KING— GUILTY .— Confined Eighteen Months.

FITCH— GUILTY .†— Five Years' Penal Servitude.

LANE†— Confined Six Months, and Three Years in a Reformatory.

11th May 1863
Reference Numbert18630511-703
VerdictGuilty > lesser offence
SentenceImprisonment > penal servitude; Imprisonment > penal servitude

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703. RICHARD MAJOR(32), and WILLIAM HAWKINS(43) , Feloniously forging and uttering an order for the payment of 84l., with intent to defraud. MR. SLEIGH conducted the Prosecution.

THOMAS WOOD . I am cashier at the Bank of London—a gentleman named Henley keeps an account there—this (produced) is one of our ordinary blank-form cheques—it bears the number of one of the cheques issued to Mr. Henley—it was handed to me on the 7th April last, to cash, by the prisoner Major, and, in consequence of something that occurred, I immediately made a communication to Mr. Marshall, the manager—I asked Major what he would have it in, and he said 70l., in gold and 14l. in silver—I saw Mr. Marshall address him.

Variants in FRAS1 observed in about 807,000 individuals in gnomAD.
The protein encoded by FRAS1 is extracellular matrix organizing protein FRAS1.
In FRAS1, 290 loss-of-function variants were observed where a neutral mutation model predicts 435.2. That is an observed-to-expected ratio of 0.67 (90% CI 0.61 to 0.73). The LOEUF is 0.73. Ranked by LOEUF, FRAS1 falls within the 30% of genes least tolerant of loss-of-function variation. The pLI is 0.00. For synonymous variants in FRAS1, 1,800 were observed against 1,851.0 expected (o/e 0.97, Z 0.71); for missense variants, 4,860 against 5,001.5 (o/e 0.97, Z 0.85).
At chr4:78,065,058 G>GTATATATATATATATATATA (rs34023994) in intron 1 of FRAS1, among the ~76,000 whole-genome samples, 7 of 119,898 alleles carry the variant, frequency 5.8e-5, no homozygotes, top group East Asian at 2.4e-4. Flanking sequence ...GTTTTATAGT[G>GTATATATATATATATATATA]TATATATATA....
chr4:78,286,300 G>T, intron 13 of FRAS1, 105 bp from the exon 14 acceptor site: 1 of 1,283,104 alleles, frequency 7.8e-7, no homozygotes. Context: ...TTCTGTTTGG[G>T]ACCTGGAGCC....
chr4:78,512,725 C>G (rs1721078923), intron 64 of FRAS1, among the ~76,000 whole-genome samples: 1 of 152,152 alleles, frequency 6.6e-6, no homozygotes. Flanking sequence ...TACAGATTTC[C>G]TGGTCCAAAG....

MATTHEW MARSHALL, JUN . I am manager of the Bank of London, in Threadneedle-street—on 7th April, in consequence of a communication made to me by the last witness, I went to the front of the counter and spoke to Major, and beckoned him into my private room—I then said, "Where did you get the cheque?"—he said he had been requested to present it by a friend of his, of the name of Godfrey—I said, "Who and what is Mr. Godfrey?"—he said, "He is a ganger on the railway"—I said, "Why did not Mr. Godfrey present it himself?"—he said that he had been drinking, and did not like to come into the bank—I said, "There is considerable difference between the writing on this cheque and our customer's signature," and there was evidently some irregularity about the affair, and if Mr. Godfrey would not